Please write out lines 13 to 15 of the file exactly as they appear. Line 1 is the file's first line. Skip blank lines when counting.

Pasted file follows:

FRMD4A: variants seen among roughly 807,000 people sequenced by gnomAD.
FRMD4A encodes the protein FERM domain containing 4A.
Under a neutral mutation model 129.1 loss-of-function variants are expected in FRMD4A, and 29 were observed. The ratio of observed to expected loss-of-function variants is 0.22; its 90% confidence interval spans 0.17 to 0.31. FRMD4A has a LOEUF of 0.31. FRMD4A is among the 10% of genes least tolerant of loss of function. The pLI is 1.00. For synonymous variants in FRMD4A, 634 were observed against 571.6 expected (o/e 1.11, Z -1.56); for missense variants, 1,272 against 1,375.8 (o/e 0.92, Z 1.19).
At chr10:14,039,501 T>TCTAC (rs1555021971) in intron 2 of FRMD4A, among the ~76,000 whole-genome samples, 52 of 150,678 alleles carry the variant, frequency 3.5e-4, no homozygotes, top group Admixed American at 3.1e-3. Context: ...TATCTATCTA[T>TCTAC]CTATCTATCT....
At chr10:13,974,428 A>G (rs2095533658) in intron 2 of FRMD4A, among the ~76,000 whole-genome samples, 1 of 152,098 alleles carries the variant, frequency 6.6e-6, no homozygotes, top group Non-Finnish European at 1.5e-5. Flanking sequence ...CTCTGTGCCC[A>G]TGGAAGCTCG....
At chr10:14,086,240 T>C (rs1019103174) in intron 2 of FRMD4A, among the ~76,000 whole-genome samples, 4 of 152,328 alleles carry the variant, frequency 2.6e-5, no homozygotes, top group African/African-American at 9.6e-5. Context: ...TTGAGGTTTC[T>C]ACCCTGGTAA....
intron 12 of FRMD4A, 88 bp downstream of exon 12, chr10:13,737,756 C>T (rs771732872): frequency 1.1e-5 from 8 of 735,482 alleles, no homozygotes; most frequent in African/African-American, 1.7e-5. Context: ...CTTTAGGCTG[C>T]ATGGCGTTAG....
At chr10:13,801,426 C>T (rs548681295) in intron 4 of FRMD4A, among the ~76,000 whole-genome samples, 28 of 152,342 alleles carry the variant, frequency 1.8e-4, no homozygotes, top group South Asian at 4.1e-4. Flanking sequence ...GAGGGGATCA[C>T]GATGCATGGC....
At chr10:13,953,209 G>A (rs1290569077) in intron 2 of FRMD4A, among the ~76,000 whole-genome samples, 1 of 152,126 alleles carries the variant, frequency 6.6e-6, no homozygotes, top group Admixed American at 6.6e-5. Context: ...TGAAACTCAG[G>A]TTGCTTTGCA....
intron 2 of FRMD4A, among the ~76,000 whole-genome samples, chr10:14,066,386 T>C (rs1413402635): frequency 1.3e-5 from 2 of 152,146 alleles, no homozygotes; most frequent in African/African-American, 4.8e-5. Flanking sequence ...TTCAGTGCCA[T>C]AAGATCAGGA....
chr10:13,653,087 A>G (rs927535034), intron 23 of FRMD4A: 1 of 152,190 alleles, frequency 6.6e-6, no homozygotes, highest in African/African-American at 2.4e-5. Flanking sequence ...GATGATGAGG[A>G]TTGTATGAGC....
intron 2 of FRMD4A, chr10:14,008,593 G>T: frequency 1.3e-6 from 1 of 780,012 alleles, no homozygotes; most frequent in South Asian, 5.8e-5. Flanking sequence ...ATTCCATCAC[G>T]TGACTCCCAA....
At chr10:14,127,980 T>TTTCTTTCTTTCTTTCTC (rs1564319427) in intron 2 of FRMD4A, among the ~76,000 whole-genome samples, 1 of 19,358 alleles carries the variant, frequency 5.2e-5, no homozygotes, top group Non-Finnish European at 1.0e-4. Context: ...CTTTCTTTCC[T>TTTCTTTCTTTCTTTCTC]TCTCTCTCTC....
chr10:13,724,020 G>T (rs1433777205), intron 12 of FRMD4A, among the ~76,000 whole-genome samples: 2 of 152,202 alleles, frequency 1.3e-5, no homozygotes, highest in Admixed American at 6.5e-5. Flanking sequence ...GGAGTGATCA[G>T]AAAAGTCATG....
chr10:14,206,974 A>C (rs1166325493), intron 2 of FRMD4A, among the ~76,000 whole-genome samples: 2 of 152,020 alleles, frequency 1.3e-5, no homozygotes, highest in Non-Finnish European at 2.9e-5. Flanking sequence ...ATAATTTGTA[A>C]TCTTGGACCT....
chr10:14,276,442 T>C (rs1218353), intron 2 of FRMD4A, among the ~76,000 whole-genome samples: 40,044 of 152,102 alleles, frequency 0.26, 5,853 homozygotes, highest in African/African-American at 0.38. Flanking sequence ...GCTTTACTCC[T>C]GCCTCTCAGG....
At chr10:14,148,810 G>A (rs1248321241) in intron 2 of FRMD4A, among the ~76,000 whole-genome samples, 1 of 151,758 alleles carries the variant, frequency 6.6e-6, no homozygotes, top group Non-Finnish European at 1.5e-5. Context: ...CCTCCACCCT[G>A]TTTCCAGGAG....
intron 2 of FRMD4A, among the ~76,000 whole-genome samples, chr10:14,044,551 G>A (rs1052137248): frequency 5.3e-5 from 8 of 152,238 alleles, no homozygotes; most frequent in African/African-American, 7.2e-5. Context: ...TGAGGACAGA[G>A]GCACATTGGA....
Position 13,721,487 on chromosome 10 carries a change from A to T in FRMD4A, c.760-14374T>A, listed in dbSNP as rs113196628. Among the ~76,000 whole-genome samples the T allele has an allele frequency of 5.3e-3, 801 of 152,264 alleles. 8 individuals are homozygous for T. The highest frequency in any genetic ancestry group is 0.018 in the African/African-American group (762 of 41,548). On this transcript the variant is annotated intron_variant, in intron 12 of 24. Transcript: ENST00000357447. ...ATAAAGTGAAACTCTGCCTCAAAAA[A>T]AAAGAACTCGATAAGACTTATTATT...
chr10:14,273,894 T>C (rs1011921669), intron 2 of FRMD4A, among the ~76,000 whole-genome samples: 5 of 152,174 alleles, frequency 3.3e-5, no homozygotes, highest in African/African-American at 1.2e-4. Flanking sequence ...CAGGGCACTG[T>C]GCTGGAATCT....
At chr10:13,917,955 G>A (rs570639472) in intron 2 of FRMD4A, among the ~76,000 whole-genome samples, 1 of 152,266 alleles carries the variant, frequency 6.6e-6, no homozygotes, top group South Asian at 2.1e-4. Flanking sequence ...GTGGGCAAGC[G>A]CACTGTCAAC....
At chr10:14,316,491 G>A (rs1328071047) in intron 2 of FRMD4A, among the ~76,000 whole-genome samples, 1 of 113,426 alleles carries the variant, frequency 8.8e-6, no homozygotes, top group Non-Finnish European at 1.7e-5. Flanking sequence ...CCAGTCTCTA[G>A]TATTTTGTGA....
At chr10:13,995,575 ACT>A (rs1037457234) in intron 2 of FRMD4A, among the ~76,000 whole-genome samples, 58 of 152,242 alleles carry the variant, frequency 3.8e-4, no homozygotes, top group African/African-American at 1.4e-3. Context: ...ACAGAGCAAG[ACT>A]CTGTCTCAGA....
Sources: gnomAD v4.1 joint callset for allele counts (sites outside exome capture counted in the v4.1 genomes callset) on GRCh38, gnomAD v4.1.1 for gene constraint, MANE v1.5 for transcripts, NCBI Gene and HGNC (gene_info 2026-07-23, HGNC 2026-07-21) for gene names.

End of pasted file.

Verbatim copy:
At chr10:14,127,980 T>TTTCTTTCTTTCTTTCTC (rs1564319427) in intron 2 of FRMD4A, among the ~76,000 whole-genome samples, 1 of 19,358 alleles carries the variant, frequency 5.2e-5, no homozygotes, top group Non-Finnish European at 1.0e-4. Context: ...CTTTCTTTCC[T>TTTCTTTCTTTCTTTCTC]TCTCTCTCTC....
chr10:13,724,020 G>T (rs1433777205), intron 12 of FRMD4A, among the ~76,000 whole-genome samples: 2 of 152,202 alleles, frequency 1.3e-5, no homozygotes, highest in Admixed American at 6.5e-5. Flanking sequence ...GGAGTGATCA[G>T]AAAAGTCATG....
chr10:14,206,974 A>C (rs1166325493), intron 2 of FRMD4A, among the ~76,000 whole-genome samples: 2 of 152,020 alleles, frequency 1.3e-5, no homozygotes, highest in Non-Finnish European at 2.9e-5. Flanking sequence ...ATAATTTGTA[A>C]TCTTGGACCT....